October 6, 2022

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Why high paid, overworked bankers are quitting now: ‘The lifestyle trade-off just wasn’t worth it’

Robert Malin’s boxed wine business was initially only a hobby – a side gig of his main job as a currency salesman at investment bank Jefferies in London.

The pandemic offered an opportunity.

Sales had “boomed” for his When in Rome product, which offers high-quality wine in environmentally friendly boxes, as locked-down workers drank more at home.

“It was tough getting in every morning at 7am, and I found that culture of face time and long hours difficult,” Malin told Financial News of his decision to quit his job in August to focus on the business full time. “There was a definite motivation of a better lifestyle, but the pandemic has also put a tailwind behind the business.”

He said he also aimed for a “higher level of satisfaction” and to “gain full control of my destiny”.

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The Covid-19 health crisis has increased stress and prompted many to dwell on what really matters in life, according to conversations with bankers and career consultants focused on the sector. And City headhunters say they are encountering more bankers, particularly at the junior and mid-rank level, who are thinking about quitting. Many may wait, however, until after bonuses are paid next year before making the leap.

“It’s been a very difficult time for a lot of people, and many have had family members affected by the virus,” said one headhunter. “A lot of bankers, particularly junior and mid-ranking ones, are recalibrating their lives around what’s important.”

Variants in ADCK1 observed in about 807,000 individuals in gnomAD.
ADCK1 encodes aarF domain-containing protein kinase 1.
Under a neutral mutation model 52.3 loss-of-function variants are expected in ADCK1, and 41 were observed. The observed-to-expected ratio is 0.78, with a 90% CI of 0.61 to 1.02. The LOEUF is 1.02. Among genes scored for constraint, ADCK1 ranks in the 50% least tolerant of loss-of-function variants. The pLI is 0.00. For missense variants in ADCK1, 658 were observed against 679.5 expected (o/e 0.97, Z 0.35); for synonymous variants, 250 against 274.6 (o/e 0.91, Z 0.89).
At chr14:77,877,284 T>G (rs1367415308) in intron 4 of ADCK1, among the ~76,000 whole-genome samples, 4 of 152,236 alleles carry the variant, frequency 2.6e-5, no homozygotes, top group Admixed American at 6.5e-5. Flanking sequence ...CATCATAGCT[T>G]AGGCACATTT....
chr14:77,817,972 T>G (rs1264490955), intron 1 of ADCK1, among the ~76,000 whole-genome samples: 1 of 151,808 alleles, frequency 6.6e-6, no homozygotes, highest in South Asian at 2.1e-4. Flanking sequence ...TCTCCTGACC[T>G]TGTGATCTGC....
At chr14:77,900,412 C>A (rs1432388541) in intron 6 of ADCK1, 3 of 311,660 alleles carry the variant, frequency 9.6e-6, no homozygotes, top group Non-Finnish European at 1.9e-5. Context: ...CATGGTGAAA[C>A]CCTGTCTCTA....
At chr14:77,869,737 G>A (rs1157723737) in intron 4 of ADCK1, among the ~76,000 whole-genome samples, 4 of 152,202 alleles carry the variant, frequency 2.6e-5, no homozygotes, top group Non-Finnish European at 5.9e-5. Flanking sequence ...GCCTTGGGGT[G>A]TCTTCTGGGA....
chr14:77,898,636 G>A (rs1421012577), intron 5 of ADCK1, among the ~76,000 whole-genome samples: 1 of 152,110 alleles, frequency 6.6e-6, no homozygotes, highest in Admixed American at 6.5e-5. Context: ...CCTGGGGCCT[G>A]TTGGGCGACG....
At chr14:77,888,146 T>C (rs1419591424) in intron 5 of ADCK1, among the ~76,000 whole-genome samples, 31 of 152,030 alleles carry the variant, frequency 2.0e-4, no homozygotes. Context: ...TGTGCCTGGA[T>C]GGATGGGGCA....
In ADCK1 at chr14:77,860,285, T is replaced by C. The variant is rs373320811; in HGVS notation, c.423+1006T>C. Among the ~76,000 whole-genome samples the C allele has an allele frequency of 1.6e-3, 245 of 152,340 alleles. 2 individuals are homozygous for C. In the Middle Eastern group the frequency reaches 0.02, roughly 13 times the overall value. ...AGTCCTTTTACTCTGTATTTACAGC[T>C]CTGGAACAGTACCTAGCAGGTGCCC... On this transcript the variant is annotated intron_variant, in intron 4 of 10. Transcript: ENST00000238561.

For others, the crisis made working life unbearable. Like many investment bankers, Giovanni (who requested anonymity because of employer non-disclosure requirements), was putting in gruelling 100-hour weeks, leaving little free time. 

The banking analyst, who left Bank of America in October, said the pandemic lockdown increased his stress even further. He took the risky, “drastic”, action to quit the industry for good and is in the process of launching his own venture. 

“During lockdown, it just kept on running through my head that the job wasn’t sustainable any more,” he told Financial News. “Those few hours every week when you get a chance to see friends, go for a drink or do anything that wasn’t sitting in front of a computer had just disappeared.” 

“It’s a high-paying job, but the lifestyle trade-off just wasn’t worth it,” he added.

“I’ve seen heightened stress across every level among investment bankers, from junior bankers to mid managers to managing directors,” said Roy Cohen, a Wall Street career coach who has worked with Goldman Sachs among other firms.

“Junior bankers have less to lose by making a career shift because they have less to lose financially and they have not yet earned the big bucks,” he added. “They also have a skillset that is likely to be more current and relevant.” 

Banking executives have also hinted that the current crisis has led many to reassess their lives and their careers. 

Swiss bank UBS booked a $359m compensation charge during the third quarter of this year as it accelerated some of its deferred bonus payments. When quizzed on the cost by analysts, UBS’s then chief executive Sergio Ermotti said that “many of our colleagues” were “reprioritising their lives”. He said the move was in response to the “realisation that, you know, Covid-19 has changed the lives of many people, and we should not stand in the way of people’s life decisions.” 

Ivor Adair, a partner at employment lawyers Fox and Partners, said he has seen an increase in people looking to take a leap on a more risky career move, or quit their company to start their own venture. 

“This is less about feeling overworked and under pressure, and more a sense of disengagement,” he said. “Some businesses have taken their eyes off the ball when it comes to taking care of employees during the crisis. There’s been underperformance at the management level, and some people have felt very isolated, which gives them a lot of time to think about what they’d rather be doing.”